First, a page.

From An Invitation to Centering Prayer
As Jesus spoke a very mixed crowd gathered around. On the fringes were the big shots, the Pharisees who had all the answers, the scribes who knew the law, and the priests, the holy ones. They looked down on the motley crew pressing in to hear Jesus – a sinful crowd that did not know the law.
What was more painful to Jesus was the fact that many of the poor little ones who were listening to him readily believed that they were indeed the sinful ones. They knew their sins too well. They longed to hear words that would bring them peace.
Jesus told them then this story.
A rich man had two sons. The older was a very righteous lad, painfully faithful to his duties. He knew he was the firstborn son and heir and took good care of his future inheritance. The younger had other interests in life. He wanted to live to the full.
He asked his good father for whatever money might be coming to him so that he could get on with life. Poor, foolish lad. He chased the pleasures of the moment. A false self-image had him in its grips. He let others play up to him and live off him. Eventually they went away and left him an unhappy pauper. Ill prepared for life, he could only get the most menial and humiliating jobs.
Finally he came to himself. Deep down he knew his true dignity, his true worth, as the son of his good father. He had forfeited every claim to that dignity. But at least he could throw himself on that good father’s mercy – and get a better shake than he was getting out on his own.
So home he headed.
The good father’s love had never faltered. Nor had the keen eye of love dimmed. From afar he spied his son, and despite all his age and dignity he ran out to meet the poor little tramp to welcome him home with great love and joy. He had no time for the poor lad’s sad tale, at least not now in this moment of newfound joy. There was time only for love and joy and celebration. The past was to be fully forgotten. His son was home – that is all he wanted.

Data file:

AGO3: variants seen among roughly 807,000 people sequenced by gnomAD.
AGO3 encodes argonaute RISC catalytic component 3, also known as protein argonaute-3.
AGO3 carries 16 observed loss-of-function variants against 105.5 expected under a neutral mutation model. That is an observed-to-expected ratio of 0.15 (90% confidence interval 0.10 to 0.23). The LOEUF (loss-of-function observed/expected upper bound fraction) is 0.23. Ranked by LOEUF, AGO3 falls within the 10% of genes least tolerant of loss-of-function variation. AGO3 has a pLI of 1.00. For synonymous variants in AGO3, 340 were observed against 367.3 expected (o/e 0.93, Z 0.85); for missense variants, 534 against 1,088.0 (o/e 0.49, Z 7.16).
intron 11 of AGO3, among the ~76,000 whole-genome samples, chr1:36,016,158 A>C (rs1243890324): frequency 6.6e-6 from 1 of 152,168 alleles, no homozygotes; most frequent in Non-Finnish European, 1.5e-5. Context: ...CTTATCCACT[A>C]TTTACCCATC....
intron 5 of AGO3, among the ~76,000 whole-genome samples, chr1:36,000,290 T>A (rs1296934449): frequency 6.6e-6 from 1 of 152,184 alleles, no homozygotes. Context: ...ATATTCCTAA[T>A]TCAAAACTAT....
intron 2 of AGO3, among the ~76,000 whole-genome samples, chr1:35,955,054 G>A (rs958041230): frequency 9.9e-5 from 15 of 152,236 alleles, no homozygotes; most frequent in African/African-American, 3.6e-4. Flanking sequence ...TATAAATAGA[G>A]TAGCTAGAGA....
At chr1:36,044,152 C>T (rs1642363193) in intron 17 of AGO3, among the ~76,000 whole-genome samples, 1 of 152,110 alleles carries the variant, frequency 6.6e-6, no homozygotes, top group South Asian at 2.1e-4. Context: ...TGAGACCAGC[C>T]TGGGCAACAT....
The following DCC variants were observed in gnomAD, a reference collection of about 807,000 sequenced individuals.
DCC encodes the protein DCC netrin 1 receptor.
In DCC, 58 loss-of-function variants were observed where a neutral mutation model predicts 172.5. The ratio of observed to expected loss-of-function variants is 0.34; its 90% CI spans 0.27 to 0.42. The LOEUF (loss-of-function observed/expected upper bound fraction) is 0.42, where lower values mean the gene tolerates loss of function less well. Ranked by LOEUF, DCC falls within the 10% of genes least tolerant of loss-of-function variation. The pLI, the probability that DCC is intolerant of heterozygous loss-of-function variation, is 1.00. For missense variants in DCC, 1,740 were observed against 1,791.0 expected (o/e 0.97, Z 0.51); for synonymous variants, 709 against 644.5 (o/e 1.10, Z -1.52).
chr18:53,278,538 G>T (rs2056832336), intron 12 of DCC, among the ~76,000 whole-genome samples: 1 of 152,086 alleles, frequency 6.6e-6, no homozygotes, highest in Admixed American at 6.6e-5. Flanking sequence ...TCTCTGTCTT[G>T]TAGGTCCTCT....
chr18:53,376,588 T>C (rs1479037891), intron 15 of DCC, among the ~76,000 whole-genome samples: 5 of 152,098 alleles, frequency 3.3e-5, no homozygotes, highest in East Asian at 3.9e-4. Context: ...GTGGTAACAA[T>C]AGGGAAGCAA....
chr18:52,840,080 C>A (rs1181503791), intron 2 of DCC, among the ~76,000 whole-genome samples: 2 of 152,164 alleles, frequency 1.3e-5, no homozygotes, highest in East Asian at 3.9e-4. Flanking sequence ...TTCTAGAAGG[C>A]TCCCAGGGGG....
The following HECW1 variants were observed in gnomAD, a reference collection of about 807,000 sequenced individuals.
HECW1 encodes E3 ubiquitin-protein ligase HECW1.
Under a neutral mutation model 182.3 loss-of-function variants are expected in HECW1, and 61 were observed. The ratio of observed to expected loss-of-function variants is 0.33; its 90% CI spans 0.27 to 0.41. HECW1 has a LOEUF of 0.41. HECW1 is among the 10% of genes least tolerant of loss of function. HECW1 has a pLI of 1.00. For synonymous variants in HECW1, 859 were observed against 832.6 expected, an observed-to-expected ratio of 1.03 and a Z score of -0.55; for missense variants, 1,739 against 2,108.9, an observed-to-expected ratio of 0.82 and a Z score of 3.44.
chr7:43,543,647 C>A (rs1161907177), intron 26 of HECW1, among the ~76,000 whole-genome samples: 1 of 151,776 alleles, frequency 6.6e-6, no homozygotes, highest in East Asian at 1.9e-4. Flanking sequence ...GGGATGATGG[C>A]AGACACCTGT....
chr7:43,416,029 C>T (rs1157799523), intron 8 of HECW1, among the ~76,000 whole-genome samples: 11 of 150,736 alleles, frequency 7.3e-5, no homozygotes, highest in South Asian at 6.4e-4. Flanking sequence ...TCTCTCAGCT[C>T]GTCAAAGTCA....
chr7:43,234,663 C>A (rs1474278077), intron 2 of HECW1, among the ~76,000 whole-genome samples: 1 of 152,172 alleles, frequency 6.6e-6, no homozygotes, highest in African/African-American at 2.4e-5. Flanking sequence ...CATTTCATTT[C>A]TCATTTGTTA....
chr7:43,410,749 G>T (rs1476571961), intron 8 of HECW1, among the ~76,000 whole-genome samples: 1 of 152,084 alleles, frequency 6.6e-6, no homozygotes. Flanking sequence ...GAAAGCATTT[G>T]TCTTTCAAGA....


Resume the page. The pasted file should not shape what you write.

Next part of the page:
Deep down, I guess all of us question our worthiness. No matter what has been our track record – whether we have some terrible mistakes on our record or just the miserable little collection of human mess-ups that is the common lot of every child of God – we question whether it could really be true: that God loves me, dwells in me, really wants to be my friend, really wants me to be an intimate friend.
That’s why Jesus told this story. We are all, in one way or another, prodigals. But God is even more prodigal in a generous forgiving love for us. We have gone off, one way or another. But God has stayed at home – in us – waiting for us to return.
It is time to return home.
The way is simple.
Very simple. We like to do things that are really hard. Then we can pat ourselves on the back for having accomplished them. (But that’s just the false self-image bragging again.)
But Jesus has said: “Unless you become as a little one, you cannot enter the kingdom.”
The Kingdom of God is within.
Come in. Come home. The kingdom is our home. We are the children of the king.
Within we find love. Within we find peace.
Within we find our true self, that beautiful person whom God loves so much.
Come home to yourself. Come home to your God.